You can download files from the GoFlex Satellite drive to the iPad in the app, but you can not send any files from the iPad to the drive. It’s strictly a one way street.

Also, Seagate’s GoFlex app also does not support .flv videos (among a few other formats).

Oh, and the drive is formatted NTFS. If you re-format it into any other type, it won’t work anymore. It’s NTFS or nothing.

Right. So back to the other app that was downloaded to the iPad – 8player Lite.

The reason 8player Lite was downloaded to the iPad is because Seagate’s own technical support staff recommends using this app instead of Seagates’ GoFlex Media app!! Not kidding. The techs’ comments in their own forums and on constantly mention this app instead of their own.

It’s pretty obvious why. Launching 8player Lite will get you to a old-style PSP navigation system…


Click what you want and the icons appear under to list content, or to the right for hierarchy. To back up a level, just click to the left.

It’s exactly as I remember my PSP system’s navigation.



The best part is that this app will list everything you dragged and dropped. Everything.

This is really handy to see what you really have on the drive in a category pane, and I believe it’s how a file-management app should behave.

But what really sold me on the 8player Lite app was this…


It played .flv’s. This little app actually played everything I had… every format, every size, every medium.

That’s a pretty sad state of design when I would rather have an old PSP interface than the one Seagate designed in 2011 for an iPad.

OK, now for the bad part… you can’t get online while you’re using this thing. The ipad is only connected to the Seagate GoFlex Satellite through WiFi, and if you try to get anywhere in Safari, you will just wind up at a web-interface of the files you have on the GoFlex Satellite drive. To get back online, you have to break the WiFi connection and switch back to your original network in the iPad’s GENERAL and NETWORK settings.

(You can also just switch off the Seagate GoFlex Satellite drive with the power button on the side, but your iPad may or may not reconnect to the previous wireless network as quickly as you could do so manually.)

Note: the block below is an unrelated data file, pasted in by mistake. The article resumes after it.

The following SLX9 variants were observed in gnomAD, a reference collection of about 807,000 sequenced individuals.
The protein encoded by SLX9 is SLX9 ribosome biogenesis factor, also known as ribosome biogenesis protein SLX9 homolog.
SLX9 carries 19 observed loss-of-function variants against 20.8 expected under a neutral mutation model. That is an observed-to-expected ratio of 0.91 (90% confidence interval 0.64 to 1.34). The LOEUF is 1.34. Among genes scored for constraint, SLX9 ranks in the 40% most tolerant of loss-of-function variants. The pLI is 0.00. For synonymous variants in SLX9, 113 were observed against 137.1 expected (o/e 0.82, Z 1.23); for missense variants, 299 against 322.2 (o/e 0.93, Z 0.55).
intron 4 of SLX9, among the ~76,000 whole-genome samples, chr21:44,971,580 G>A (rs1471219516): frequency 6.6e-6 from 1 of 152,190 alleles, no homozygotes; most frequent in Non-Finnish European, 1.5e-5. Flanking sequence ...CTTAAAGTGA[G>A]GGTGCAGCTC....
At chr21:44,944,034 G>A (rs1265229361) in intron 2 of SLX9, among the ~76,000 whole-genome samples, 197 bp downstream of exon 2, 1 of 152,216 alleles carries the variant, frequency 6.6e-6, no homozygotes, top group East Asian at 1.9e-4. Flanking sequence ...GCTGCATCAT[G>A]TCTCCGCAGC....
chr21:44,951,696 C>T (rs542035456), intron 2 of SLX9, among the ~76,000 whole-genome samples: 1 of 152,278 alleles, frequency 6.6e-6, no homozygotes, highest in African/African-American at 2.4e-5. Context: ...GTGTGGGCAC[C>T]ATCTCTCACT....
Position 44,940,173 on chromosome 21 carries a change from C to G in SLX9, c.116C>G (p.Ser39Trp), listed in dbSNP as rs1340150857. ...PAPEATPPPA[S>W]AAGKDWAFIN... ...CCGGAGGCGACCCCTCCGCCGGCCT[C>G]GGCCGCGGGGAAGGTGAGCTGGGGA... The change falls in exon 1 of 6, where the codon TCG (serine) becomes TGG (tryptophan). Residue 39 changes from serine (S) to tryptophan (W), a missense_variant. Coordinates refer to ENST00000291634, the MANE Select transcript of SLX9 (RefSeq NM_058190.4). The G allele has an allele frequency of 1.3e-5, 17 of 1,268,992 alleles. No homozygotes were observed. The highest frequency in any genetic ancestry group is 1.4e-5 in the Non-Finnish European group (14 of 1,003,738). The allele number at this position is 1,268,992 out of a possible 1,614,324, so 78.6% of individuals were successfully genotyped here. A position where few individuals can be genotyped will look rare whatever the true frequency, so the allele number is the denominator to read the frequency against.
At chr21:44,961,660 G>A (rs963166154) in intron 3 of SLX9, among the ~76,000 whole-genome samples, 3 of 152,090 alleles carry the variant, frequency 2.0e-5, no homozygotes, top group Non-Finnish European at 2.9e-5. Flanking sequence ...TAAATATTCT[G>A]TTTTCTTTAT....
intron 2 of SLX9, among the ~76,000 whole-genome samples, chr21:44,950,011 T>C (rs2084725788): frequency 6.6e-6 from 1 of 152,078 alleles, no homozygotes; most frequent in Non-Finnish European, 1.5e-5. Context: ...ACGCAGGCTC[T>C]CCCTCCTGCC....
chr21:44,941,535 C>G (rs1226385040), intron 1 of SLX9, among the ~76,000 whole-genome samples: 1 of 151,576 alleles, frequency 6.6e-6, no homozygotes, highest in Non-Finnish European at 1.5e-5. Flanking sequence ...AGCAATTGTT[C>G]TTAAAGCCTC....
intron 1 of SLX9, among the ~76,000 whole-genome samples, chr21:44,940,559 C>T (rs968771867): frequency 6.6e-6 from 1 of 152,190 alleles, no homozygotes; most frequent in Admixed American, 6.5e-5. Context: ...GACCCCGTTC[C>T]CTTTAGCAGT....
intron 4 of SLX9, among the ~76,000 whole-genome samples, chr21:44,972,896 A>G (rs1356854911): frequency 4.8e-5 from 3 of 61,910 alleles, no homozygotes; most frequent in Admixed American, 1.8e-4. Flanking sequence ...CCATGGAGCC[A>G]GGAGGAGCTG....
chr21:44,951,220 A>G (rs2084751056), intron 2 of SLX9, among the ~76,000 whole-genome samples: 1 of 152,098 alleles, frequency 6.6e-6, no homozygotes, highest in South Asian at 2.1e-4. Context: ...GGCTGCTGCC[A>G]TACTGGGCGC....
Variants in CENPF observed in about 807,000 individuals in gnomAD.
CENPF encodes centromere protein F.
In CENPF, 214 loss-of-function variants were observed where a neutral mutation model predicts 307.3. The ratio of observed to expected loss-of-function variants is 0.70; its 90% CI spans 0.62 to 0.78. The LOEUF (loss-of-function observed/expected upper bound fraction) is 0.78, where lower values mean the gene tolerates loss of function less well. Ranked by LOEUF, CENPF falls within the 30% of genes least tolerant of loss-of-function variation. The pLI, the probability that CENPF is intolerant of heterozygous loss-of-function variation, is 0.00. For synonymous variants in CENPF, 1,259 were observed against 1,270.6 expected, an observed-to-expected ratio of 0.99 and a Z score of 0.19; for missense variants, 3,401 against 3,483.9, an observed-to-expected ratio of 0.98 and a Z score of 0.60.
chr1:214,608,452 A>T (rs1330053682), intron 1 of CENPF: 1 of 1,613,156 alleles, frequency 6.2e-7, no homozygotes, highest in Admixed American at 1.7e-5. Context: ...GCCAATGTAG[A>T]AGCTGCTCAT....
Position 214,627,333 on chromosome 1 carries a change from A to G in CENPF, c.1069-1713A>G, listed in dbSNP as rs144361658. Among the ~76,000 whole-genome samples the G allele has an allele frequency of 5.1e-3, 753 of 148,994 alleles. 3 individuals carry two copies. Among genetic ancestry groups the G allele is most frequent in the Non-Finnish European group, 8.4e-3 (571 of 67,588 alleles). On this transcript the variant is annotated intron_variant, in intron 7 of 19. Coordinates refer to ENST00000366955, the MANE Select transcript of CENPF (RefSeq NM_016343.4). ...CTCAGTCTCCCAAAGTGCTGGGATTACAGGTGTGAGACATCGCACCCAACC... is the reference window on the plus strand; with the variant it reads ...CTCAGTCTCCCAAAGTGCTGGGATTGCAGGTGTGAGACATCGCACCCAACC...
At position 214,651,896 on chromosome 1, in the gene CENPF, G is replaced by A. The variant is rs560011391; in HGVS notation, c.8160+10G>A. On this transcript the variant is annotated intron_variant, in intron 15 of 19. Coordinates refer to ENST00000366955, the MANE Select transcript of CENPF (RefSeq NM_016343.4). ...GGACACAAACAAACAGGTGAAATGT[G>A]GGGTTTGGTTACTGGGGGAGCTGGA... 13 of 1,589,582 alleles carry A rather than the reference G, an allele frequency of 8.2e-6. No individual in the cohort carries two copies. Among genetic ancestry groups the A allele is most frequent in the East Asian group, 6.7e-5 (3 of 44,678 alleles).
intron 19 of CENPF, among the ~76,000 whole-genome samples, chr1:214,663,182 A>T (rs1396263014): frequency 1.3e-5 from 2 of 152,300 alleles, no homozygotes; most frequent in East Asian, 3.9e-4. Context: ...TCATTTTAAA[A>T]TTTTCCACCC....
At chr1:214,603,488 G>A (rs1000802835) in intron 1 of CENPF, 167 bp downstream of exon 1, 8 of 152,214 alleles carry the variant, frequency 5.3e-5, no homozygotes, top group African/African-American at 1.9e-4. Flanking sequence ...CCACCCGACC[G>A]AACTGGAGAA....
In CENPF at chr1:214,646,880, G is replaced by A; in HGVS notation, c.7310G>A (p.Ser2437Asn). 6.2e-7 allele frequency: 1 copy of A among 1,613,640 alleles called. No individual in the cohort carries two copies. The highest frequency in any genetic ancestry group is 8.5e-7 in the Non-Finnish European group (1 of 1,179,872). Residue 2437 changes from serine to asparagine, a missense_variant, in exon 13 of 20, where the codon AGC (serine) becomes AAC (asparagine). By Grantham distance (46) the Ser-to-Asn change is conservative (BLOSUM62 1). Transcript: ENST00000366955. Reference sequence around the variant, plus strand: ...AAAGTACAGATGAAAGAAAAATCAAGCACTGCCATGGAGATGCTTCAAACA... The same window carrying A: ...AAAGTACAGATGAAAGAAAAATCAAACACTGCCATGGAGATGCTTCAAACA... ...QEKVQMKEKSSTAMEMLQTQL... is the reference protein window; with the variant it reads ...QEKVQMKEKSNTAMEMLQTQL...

Let me tell you, no internet access gets old real fast.

So to sum up my complaints…

  1. This monstrosity is NOT plug and play out of the box! Connecting a WiFi drive should require no more than 5 minutes.
  2. NTFS only is a poor decision considering most iPad users are also mac users as well.
  3. There has got to be a way to surf the internet while the drive is connected. Maybe make this drive an FTP server that can get a DHCP address from a wireless network and let the iPad app act as a GUI FTP login? Or let the drive login to the network as a alternate configuration. (EX: if network named “X” is detected, then set IP address to “Y” and login with “Z” credentials.)
  4. A Mac-like GUI. Something for the iPad shouldn’t look like something from the Napster-lovin’-90s.
  5. There is no SEND TO DEVICE option. A storage drive that you must to connect to a desktop or laptop to load files to it is just ridiculous.
  6. There is no on the fly converting. Seagate needs to take a look at AirVideoFree on the app store to get an idea on how it’s supposed to be done.
  7. There are two green lights on this thing. The problem is one of these lights only turns blue and flickers when data is streaming or you have a window of opportunity to connect to the drive. IMO, this light should REMAIN SOLID BLUE when ANY device is connected and revert to green when NO ONE is connected. Ideally, it should also blink blue for every number of users connected and flicker blue when data is being transferred.
  8. User/password combos would be great.
  9. The getting started video is on the drive, and you can only see it after you have connected! This video needs to be put on the root level of the drive (or in a big TRAINING folder) so people can view it when they need it!
  10. No love for .FLV.

Right now, bottom line, the Seagate GoFlex Satellite stinks on ice. But the potential for this drive is enormous.